Friday, April 4, 2008

Lesson 10: توبة

New Vocabulary

tooba (توبة) - never again, I'll never ... again
aah (آه) - expression of pain, anxiety or distress
uw3a (أوعى) - god forbid, don't you dare, don't ever
barDuh (برضه) - also, too, nevertheless, even so, really, surely
mahma (مهما) - no matter what/how much
kull ma (كل ما) - whenever
raaH (راح) - going to
aHsan (أحسن) - it's better that..., better off
nooba (نوبة) - time, instance
marra (مرة) - once, one time, instance
bukrah (بكره) - tomorrow
salamtak (سلامتك) - get well soon!
'udaam (قدام) - in front of
Hatta (حتى) - even, not even
wagh (وجه) pl. wuguuh (وجوه) - face

SaHHa (صحّى) - to wake someone up
wa33ad (وعّد) - to promise
Sadda' (صدّق) - to believe
kaddab (كدّب) - to call a liar, to deny, to contradict, to refuse to believe
xaaSim (خاصم) - to fight with, to quarrel with
SaaliH (صالح) - to make good with, to reconcile with
DiHik (ضِحِك) - to smile, to laugh
baka (بكى) - to cry

In Lesson 9, we heard from Asmahan, one of the great female singers of modern Egyptian history. Now we'll hear a song from perhaps the most famous male singer in the history of Arabic music, Abdel Halim Hafez. Abdel Halim's career spanned over 2 decades, during which he became a cultural icon. He first rose to fame just as Egypt was gaining independence in 1952, and thus became a beloved symbol of the new nation. Like Asmahan, he died somewhat prematurely in 1977 at just 47 years of age. For this reason and of course his countless classic songs and wonderful smile and charm, he is often compared to Elvis Presley. His nickname was "al-3andaliib al-asmar (العندليب الأسمر)" which means "the dark nightingale."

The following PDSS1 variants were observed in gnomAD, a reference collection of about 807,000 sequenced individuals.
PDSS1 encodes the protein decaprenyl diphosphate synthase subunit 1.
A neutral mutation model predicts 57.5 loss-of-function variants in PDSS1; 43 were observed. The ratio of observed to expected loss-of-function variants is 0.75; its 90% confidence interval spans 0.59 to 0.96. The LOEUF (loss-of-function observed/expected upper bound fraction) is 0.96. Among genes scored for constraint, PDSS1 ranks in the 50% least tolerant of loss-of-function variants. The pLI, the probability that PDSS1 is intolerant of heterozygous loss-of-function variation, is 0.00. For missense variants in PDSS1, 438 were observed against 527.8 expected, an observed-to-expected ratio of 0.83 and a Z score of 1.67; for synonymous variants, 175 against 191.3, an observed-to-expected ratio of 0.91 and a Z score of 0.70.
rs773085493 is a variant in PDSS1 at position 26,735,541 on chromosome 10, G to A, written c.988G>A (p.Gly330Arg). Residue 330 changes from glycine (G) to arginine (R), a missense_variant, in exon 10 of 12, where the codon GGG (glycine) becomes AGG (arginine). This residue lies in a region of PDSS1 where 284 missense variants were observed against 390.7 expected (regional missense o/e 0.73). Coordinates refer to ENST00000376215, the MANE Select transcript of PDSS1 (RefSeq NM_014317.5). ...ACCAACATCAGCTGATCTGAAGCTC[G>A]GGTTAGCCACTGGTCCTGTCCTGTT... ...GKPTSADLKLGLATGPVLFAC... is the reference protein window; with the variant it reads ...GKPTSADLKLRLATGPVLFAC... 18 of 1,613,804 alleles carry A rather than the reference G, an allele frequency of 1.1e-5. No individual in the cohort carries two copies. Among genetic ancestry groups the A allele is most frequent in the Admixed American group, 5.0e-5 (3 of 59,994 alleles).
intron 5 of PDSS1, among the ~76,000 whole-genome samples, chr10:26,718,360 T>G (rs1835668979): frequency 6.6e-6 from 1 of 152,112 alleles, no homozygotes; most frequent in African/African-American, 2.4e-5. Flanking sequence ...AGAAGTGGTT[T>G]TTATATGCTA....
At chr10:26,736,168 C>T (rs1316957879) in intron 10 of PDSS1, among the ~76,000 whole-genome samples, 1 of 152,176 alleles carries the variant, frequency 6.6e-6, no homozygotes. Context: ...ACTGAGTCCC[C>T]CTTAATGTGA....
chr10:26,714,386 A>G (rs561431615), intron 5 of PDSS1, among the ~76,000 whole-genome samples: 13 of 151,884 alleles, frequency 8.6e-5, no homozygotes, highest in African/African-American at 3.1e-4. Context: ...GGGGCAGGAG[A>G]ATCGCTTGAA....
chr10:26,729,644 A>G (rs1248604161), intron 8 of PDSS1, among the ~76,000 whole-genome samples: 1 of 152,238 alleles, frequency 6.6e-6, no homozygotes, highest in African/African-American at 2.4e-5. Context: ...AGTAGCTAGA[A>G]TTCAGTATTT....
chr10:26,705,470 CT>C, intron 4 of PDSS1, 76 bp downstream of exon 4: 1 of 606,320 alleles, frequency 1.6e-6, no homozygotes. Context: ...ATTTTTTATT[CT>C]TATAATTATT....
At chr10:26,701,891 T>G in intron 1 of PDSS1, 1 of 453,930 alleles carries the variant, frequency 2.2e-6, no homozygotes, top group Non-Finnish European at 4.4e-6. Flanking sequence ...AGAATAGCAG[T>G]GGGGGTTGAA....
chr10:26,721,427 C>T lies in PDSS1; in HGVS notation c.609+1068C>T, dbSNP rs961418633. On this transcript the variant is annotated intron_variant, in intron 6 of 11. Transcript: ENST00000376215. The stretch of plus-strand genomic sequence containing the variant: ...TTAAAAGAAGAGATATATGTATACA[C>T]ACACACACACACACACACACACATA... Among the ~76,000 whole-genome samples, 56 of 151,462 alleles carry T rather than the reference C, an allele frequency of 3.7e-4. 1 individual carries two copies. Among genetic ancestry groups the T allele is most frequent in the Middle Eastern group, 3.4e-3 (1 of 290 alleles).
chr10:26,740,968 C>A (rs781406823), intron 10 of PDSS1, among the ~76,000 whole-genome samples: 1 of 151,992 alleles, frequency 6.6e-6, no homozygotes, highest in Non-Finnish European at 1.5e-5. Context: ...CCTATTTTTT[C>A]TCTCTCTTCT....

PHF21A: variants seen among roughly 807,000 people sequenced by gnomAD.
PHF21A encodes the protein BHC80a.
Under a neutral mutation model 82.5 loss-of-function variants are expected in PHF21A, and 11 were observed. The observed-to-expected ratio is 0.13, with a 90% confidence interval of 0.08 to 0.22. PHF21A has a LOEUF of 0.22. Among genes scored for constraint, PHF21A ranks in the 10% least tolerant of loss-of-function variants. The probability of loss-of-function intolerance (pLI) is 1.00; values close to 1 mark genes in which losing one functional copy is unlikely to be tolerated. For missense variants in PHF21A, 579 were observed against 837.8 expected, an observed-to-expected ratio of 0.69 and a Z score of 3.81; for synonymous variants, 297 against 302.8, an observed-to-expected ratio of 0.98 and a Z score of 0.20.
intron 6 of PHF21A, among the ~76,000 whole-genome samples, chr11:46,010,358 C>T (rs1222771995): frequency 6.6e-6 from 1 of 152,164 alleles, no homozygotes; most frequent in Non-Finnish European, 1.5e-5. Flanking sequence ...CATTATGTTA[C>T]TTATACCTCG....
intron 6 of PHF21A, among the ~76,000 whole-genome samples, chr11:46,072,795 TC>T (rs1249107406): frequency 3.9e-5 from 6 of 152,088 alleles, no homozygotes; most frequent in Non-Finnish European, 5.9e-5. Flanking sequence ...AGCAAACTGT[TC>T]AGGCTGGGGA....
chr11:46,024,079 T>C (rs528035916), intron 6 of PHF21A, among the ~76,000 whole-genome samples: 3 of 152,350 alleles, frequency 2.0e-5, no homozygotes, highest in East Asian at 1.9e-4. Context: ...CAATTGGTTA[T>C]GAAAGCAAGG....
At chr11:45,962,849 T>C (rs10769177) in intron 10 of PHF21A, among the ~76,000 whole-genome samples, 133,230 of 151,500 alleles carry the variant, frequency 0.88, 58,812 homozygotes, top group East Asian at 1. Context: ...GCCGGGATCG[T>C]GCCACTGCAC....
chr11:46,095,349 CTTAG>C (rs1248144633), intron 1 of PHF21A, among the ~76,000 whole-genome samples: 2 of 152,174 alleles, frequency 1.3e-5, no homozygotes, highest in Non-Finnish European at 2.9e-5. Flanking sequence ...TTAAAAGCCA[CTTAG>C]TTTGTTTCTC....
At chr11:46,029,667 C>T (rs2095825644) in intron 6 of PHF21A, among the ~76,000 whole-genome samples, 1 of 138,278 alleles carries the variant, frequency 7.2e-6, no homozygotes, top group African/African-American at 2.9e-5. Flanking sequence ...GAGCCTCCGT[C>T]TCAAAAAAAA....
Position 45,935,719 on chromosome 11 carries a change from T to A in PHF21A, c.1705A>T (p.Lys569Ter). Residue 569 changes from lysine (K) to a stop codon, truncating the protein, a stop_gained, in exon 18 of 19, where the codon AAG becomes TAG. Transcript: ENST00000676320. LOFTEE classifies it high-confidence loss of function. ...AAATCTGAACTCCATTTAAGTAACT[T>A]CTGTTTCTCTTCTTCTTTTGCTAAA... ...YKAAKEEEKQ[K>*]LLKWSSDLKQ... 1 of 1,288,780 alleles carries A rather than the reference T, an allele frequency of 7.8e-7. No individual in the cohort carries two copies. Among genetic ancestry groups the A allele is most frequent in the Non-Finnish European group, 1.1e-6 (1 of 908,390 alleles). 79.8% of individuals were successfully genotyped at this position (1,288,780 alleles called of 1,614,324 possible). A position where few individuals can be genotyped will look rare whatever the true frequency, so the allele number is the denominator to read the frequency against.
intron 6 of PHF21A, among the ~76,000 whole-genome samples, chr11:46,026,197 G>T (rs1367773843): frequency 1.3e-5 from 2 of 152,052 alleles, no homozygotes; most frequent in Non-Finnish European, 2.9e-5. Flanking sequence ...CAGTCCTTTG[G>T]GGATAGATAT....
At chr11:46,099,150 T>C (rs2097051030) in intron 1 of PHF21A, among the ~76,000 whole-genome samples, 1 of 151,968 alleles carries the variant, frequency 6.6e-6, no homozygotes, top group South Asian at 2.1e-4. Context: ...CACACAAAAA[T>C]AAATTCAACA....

This is one of Abdel Halim's earlier works, from the 1955 movie "ayaam wa layaali (أيام وليالي)." The title, "tooba (توبة)," means "Never Again." Watch and listen, and try to catch some of the dialog in the beginning.



توبة توبة
توبة إن كنت أحبك تاني توبة
بس قابلني مرة وتبقى دي آخر نوبة
وبعدها توبة

توبة إن كنت أخاصمك وأرجع أصالحك تاني
ياما البعد سقاني وياما القرب ضناني

وإن فات طيفك يوم في منامي وجهه صحاني
برضه أصالحك بس أهي نوبة وبعدها توبة

توبة إن كنت حصدق تاني كلامك
مهما حتسأل مش راح أصدق حتى سلامك

بس وعدني أوعى تبكي وأنا قدامك
أحسن أكذّب روحي وأقول أهي نوبة وبعدها توبة

آه من حيرة قلبي وآه من دمعة عيني
كل ما أقول أنساك توحشهم نارك وتصحيني

أجري وأسأل عنك قبل ما انت تجيني
أضحك نوبة وأبكي نوبة وبعدها توبة


Hope you got something out this snapshot of Egyptian film in the 1950s. Before we talk about the song let's talk about the dialog in the beginning. The girl obviously rebuffs Abdel Halim, who is persistently confessing his love. You hear her friends say that the hospital's visiting hours are over. Apparently Abdel Halim has somehow ended up in the hospital. Notice that as she leaves Abdel Halim shouts "hashuufik bukra (حشوفك بكره)." This is a very important phrase meaning "I'll see you tomorrow!" Her reply is "salamtak (سلامتك)," which means "get well soon." Learn these useful phrases.

Now try to get the catchy chorus stuck in your head. Let's see what he's saying:

توبة توبة
توبة إن كنت أحبك تاني توبة

Like we said, "tooba (توبة)" means "no more" or "never again." Never again what now? "in kunt aHibbak tani (إن كنت أحبك تاني)." After "tooba (توبة)" you use a word like "in (إن)" or "iza (إذا)" that means "if" and a phrase as you an see here. Take this to mean "never will I love you again."

Then what:

بس قابلني مرة وتبقى دي آخر نوبة
وبعدها توبة

Remember "bas (بس)" means "but" or "just." So he says "tooba (توبة)," "never again," and then "bas (بس)," "but" so we know something's coming here. "'aabilni (قابلني)" is a command, saying "meet me." "marra (مرة)" is no different than in Standard Arabic, meaning "once" or "one time." The word "nooba (نوبة)" is another word meaning "time" or "instance" that rhymes a bit nicer with "tooba (توبة)." So "tib'a di aakhir nooba (تبقى دي آخر نوبة)" means "this'll be the last time." See how the verb "ba'a (بقى)" is being used here? Finally, Abdel Halim pledges "wa ba3adaha tooba (وبعدها توبة)," meaning "and after it, never again."